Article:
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This investigation is a continuing analysis of the cooling performance and aerodynamic properties of a rear mounted cooling module on a semi-generic commercial vehicle, which was carried out by Larsson, Löfdahl and Wiklund . In the previous study two designs of the cooling package installation were positioned behind the rear wheelhouse and the results were compared to a front mounted cooling module. The investigation was mainly focused on a critical cooling situation occurring at lower vehicle speeds for a local distribution vehicle. The conclusion from the study was that the cooling performance for one of the rear mounted installation was favourable compared to the front mounted cooling package. This was mainly due to the low vehicle speed, the high fan speed and to fewer obstacles around the cooling module resulting in a lower system restriction within the installation.
The main purpose with the present investigation was to determine the power needed to overcome the aerodynamic drag together with the power needed by the fan to obtain a specific cooling performance at a higher vehicle speed. One front and three rear mounted cooling package installations were included in the analysis. The vehicle geometry was modified to be able to implement the changes for the rear cooling module installations; the design of the air inlet, air outlet and the duct in front of and after the cooling package were changed for the rear mounted cooling package installations to improve the airflow and as a result the cooling performance. The investigation was performed by the use of Computational Fluid Dynamics.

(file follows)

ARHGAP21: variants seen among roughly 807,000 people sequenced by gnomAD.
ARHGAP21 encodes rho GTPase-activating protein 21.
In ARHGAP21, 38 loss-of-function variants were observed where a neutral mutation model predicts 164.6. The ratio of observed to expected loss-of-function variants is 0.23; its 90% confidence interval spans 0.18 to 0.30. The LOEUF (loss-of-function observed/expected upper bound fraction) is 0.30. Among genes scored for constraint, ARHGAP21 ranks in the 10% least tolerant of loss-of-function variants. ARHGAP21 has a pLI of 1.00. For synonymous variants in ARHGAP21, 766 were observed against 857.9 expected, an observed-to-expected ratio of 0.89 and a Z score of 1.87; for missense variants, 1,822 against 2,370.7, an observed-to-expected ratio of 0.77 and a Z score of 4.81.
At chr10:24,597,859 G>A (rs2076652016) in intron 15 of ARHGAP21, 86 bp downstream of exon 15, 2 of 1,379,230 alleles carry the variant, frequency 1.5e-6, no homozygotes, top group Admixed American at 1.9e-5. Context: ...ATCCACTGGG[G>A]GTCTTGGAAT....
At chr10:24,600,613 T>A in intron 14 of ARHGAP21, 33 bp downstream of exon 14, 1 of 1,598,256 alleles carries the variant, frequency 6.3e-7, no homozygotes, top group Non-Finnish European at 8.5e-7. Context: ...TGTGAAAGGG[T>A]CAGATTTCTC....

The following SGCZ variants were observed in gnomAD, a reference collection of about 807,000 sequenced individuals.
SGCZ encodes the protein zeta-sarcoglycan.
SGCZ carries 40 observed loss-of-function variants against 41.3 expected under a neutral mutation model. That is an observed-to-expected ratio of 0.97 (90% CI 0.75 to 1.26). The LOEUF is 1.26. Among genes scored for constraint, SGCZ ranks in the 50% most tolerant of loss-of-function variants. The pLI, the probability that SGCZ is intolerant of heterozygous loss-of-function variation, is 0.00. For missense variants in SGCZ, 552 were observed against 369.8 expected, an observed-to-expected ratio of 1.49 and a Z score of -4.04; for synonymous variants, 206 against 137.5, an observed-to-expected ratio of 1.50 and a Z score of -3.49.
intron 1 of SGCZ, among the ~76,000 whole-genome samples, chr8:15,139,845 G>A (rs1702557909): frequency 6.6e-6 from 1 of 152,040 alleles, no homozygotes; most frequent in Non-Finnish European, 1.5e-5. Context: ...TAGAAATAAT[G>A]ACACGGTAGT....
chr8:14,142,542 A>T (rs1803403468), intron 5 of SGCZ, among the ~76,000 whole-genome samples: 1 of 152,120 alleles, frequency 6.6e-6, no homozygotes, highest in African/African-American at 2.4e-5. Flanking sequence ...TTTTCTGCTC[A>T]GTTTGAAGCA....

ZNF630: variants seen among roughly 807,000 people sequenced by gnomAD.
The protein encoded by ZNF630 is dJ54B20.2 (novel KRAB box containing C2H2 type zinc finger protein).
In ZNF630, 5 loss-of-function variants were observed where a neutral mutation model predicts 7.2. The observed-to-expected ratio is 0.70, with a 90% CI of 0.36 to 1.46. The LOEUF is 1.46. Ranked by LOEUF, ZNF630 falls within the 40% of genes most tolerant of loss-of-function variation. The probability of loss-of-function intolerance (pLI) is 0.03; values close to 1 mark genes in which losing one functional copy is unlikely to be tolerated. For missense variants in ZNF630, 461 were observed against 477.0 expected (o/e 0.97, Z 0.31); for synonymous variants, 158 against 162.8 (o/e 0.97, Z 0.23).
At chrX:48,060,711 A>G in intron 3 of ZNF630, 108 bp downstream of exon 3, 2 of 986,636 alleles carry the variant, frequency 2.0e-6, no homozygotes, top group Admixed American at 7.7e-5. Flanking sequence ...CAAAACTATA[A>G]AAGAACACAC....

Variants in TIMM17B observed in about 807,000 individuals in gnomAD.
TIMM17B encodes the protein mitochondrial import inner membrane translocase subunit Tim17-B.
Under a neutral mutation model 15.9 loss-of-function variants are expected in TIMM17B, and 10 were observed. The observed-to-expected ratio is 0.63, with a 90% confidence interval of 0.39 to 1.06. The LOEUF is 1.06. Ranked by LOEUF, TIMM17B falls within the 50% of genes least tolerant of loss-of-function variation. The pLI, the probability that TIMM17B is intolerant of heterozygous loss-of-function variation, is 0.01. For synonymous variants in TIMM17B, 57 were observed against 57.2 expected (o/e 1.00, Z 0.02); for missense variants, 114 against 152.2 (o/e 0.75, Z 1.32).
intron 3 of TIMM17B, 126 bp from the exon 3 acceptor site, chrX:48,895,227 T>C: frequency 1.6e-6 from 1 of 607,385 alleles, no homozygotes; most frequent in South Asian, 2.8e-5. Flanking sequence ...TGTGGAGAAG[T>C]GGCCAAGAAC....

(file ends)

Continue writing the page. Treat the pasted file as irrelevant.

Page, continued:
It was found that the total power required due to aerodynamic drag and fan operation to obtain a specific cooling performance was reduced for two of the rear mounted compared to the front mounted cooling module. Even though the fan for these installations required more power, the total power needed by the vehicle was decreased due to a lower aerodynamic resistance. The total power demand was reduced by 1.9kW for one of the rear mounted installations compared to the front mounted cooling package. Furthermore it was established that the design of the air inlet for a rear mounted cooling package was important to obtain a low total power demand, a high mass airflow through the cooling module and to obtain a uniform flow over the heat exchangers. For critical driving situations due to cooling performance, occurring at lower vehicle speeds, the rear mounted cooling packages also gave a favorable cooling performance compared to the front mounted cooling module installation. This was mainly due to the lower system resistance and higher static fan efficiency for these installations. To increase the cooling performance and decrease the power requirement even more the air inlet, the fan choice and the duct geometry could be further developed.